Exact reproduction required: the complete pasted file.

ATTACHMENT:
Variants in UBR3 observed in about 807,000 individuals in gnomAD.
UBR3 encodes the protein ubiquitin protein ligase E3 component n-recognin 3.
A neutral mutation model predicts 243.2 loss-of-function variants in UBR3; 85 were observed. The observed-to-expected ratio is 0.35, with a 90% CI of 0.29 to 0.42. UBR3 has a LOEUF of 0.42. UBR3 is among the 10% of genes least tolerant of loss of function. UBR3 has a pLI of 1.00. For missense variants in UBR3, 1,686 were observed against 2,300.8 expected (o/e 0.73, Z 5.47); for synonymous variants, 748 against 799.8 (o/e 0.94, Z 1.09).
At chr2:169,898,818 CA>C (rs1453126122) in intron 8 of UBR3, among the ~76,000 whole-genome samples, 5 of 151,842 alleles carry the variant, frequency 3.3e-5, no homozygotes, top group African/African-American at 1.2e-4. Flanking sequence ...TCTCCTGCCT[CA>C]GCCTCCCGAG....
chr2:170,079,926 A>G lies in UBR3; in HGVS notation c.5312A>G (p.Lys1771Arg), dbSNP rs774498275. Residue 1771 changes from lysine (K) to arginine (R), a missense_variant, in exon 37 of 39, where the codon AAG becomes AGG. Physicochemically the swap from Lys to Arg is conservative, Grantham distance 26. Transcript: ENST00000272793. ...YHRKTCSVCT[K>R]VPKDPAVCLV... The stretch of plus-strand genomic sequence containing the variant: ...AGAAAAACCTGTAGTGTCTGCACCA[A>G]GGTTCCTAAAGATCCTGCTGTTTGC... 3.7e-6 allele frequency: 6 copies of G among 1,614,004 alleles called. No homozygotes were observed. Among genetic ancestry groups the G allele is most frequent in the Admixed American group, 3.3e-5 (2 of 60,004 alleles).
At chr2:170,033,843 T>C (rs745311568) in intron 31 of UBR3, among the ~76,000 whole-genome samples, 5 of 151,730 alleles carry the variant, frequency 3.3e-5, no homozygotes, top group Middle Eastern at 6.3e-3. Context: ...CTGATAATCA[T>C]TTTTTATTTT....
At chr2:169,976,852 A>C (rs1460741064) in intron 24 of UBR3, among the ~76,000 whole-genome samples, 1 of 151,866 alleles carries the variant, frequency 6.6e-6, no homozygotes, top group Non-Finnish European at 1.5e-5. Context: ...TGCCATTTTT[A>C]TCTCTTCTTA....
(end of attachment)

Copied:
Variants in UBR3 observed in about 807,000 individuals in gnomAD.
UBR3 encodes the protein ubiquitin protein ligase E3 component n-recognin 3.
A neutral mutation model predicts 243.2 loss-of-function variants in UBR3; 85 were observed. The observed-to-expected ratio is 0.35, with a 90% CI of 0.29 to 0.42. UBR3 has a LOEUF of 0.42. UBR3 is among the 10% of genes least tolerant of loss of function. UBR3 has a pLI of 1.00. For missense variants in UBR3, 1,686 were observed against 2,300.8 expected (o/e 0.73, Z 5.47); for synonymous variants, 748 against 799.8 (o/e 0.94, Z 1.09).
At chr2:169,898,818 CA>C (rs1453126122) in intron 8 of UBR3, among the ~76,000 whole-genome samples, 5 of 151,842 alleles carry the variant, frequency 3.3e-5, no homozygotes, top group African/African-American at 1.2e-4. Flanking sequence ...TCTCCTGCCT[CA>C]GCCTCCCGAG....
chr2:170,079,926 A>G lies in UBR3; in HGVS notation c.5312A>G (p.Lys1771Arg), dbSNP rs774498275. Residue 1771 changes from lysine (K) to arginine (R), a missense_variant, in exon 37 of 39, where the codon AAG becomes AGG. Physicochemically the swap from Lys to Arg is conservative, Grantham distance 26. Transcript: ENST00000272793. ...YHRKTCSVCT[K>R]VPKDPAVCLV... The stretch of plus-strand genomic sequence containing the variant: ...AGAAAAACCTGTAGTGTCTGCACCA[A>G]GGTTCCTAAAGATCCTGCTGTTTGC... 3.7e-6 allele frequency: 6 copies of G among 1,614,004 alleles called. No homozygotes were observed. Among genetic ancestry groups the G allele is most frequent in the Admixed American group, 3.3e-5 (2 of 60,004 alleles).
At chr2:170,033,843 T>C (rs745311568) in intron 31 of UBR3, among the ~76,000 whole-genome samples, 5 of 151,730 alleles carry the variant, frequency 3.3e-5, no homozygotes, top group Middle Eastern at 6.3e-3. Context: ...CTGATAATCA[T>C]TTTTTATTTT....
At chr2:169,976,852 A>C (rs1460741064) in intron 24 of UBR3, among the ~76,000 whole-genome samples, 1 of 151,866 alleles carries the variant, frequency 6.6e-6, no homozygotes, top group Non-Finnish European at 1.5e-5. Context: ...TGCCATTTTT[A>C]TCTCTTCTTA....